If you travel anywhere in Australia, you are standing in the home of one of the Aboriginal tribal groups.
Because sovereignty has never been ceded by Aboriginal people, we are still the sovereign caretakers of all the lands of Australia and regardless of the classification of the land, we belong to that land.
Homes for Aboriginal people extend beyond the physical structure of a house and encompass all their custodial lands too. We call it “our country”.
When you enter into a person’s home, if you are a respectful person, you don’t enter places that are private or that you haven’t been invited to enter. You don’t touch all the things on display. You don’t add your own trinkets to their homes. You don’t take anything that is not given to you. And you certainly don’t do something that the homeowner specifically asks you not to do in their home. Pretty common sense stuff right?!
Well, how does this translate into being in the home of Aboriginal groups?
In return for our care of the land, the land provides and nourishes all.
All people are welcome to be nourished by the lands. The lands are not subservient to people. We serve the land- not the other way around. The land must not be taken advantage of for personal gain or greed.Louise O’Reilly
Your Spiritual Safety on Aboriginal Land
Most places in Australia are free for all to experience and enjoy. There are a few places in each group’s country that are off-limits. They are similar to the private rooms of a person’s home or a place you must need to be invited to first. Some of these places are sacred sites for spiritual reasons, for ceremonial reasons and sometimes for safety reasons. Quite often, the reason Aboriginal people request that a place not be entered it’s for the personal and spiritual safety of the person and not because we are keeping something special from them. When people enter into our country, we are also responsible for their safety. Other times, a certain area might be off-limits for certain times of the year for traditional ceremonies. There are also areas that are women’s only areas and men’s only areas. These are areas that important women’s and men’s business are done. Your physical and spiritual safety can be compromised if you step into the wrong area.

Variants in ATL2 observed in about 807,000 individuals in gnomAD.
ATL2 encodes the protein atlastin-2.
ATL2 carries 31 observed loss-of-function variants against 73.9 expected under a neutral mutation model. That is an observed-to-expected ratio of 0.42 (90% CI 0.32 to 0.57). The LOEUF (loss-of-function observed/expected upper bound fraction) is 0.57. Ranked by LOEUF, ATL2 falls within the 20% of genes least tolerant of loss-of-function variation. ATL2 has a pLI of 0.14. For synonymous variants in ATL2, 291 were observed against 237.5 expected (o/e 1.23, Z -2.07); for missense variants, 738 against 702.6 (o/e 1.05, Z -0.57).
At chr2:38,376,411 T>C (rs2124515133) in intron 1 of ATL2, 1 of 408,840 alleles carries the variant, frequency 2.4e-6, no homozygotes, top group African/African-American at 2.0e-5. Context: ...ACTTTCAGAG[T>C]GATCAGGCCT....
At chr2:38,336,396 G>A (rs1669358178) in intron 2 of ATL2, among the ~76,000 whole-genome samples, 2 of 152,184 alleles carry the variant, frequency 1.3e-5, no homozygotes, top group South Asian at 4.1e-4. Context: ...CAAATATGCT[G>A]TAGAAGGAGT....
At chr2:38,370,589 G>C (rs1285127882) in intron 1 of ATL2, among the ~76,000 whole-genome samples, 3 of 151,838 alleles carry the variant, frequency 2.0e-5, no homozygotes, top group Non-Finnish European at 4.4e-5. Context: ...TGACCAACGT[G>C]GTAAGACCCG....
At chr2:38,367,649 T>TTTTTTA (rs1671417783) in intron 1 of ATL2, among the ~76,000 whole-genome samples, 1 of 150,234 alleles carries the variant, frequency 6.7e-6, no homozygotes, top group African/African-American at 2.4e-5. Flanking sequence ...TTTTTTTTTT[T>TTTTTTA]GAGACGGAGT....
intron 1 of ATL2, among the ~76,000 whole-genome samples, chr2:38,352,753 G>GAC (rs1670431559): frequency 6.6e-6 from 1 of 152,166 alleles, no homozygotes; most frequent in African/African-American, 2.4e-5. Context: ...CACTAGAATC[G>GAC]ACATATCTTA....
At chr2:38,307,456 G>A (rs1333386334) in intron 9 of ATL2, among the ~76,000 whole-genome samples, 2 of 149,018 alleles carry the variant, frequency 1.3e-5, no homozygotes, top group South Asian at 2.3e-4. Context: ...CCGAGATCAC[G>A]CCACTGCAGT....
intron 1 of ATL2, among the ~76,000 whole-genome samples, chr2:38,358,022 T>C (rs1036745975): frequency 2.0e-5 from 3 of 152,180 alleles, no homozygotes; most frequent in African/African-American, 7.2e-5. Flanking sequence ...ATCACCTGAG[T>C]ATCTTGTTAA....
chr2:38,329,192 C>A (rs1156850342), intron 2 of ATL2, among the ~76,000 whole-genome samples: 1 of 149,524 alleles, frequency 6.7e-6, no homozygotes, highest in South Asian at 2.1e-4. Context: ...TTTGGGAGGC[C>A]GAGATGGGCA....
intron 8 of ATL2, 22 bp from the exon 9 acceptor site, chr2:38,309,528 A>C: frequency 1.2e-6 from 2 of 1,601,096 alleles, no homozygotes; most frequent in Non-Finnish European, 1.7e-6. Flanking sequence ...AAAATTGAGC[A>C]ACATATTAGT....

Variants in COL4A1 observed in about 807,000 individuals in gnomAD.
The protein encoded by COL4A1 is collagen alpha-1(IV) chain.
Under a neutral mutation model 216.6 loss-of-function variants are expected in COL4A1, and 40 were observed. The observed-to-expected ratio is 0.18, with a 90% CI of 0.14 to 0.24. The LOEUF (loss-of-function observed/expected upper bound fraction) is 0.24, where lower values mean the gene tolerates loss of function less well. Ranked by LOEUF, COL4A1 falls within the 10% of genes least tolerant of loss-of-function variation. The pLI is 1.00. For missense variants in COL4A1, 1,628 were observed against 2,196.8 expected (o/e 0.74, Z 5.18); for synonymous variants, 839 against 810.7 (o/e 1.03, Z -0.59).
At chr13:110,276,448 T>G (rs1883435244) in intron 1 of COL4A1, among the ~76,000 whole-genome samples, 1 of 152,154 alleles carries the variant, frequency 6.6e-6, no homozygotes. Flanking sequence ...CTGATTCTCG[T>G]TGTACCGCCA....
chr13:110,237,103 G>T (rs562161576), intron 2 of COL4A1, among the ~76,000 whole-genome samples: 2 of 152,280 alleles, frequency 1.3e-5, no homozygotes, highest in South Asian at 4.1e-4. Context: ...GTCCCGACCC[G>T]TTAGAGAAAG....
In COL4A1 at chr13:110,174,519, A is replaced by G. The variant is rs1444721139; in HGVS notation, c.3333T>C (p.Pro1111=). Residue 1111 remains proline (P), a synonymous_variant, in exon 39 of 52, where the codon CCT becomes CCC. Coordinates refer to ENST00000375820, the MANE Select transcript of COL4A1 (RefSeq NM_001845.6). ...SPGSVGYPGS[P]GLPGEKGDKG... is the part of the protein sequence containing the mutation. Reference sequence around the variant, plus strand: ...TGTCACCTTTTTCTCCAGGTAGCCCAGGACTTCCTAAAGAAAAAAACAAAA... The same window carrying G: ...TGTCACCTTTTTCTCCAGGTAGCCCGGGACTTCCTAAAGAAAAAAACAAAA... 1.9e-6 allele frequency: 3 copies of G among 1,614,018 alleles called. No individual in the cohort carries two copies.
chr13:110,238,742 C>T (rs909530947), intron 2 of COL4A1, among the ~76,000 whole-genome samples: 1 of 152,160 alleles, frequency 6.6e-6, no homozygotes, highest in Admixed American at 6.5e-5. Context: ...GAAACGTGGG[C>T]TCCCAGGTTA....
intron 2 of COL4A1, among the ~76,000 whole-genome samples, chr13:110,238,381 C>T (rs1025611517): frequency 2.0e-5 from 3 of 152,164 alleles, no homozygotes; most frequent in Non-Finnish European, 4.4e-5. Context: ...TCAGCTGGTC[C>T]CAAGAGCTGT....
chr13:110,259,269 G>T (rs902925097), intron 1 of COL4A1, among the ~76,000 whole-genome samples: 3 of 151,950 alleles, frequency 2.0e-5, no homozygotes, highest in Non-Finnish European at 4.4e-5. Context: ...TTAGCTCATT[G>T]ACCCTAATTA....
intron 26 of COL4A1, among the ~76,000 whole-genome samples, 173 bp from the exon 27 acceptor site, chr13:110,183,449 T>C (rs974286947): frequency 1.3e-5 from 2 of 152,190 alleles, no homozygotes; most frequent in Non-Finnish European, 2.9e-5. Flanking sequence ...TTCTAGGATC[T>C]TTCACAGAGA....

Storing Knowledge in the Land
Throughout the country, certain structures, carvings, paintings and markings are made for many different reasons. Sometimes its to aid navigation or point to water sources. Sometimes its to record history, accounts and stories. Sometimes its to mark country borders and more. This is a multifaceted way that we share information, map the land and document history. When people add their own marking, add something to it or try to re-create it, not only are they being disrespectful of our knowledge modalities but they may unintentionally be messing up an ancient information or data collection system – The oldest in the world.
Sustainability and Listening to the Land
Everything has its place in our country. It’s not there for the takings of man. Most of the time, if you do want to take something, asking either the Aboriginal custodians of the land itself for permission is good practice. If you ask the land and then be still to listen, you will feel if it is ok to or not. For your information, getting stung, bitten, frightened, or anything of that nature is a great indication that you shouldn’t take it. And never take all of it. Sustainability must also be practiced. When we take too much or take it all, both that land and the people get unbalance and sick. Oh and NEVER. EVER. Take something from a sacred site. This word of warning is for your own benefit. Ever wonder why the post office near Uluru has a constant flow of Uluru rocks being returned from all around the world?
Sacred Sites and the Human Collective
Uluru offers a great segue into my next point. If the Aboriginal custodians of that country ask that you don’t do something…Like climb Uluru. Please don’t. There is always a very important reason why. Uluru is one of our most significant and sacred places in Australia and despite communicating the request not to climb, people do. People leave rubbish on it like its a garbage tip. People graffiti it. People urinate on it. People defecate on it. If that is not the most ultimate disrespect other than destroying it, I don’t know what is.
Being human does not give us the right to climb it. Being Australian does not give us the right to climb it. Being Aboriginal does not give us the right to climb it. There isn’t an uproar to climb all over peoples houses so why is there a sudden overzealous feeling of entitlement to climb Uluru or to go into any sacred area? These limitations are for all people, it doesn’t have a racial discrimination agenda.
I hope this has made the concept of home or country from an Aboriginal perspective more understandable. And given some insight as to why we ask everyone to respect certain house rules.
Please share this to help encourage respect for the lands of Australia and for Aboriginal people as the caretakers.
If this blog has given you a new perspective or given you a deeper understanding, please let me know in comments below. I would love to know how (or if) this blog has had an impact.
If you would like to read more blogs on Aboriginal perspectives, take a look at these: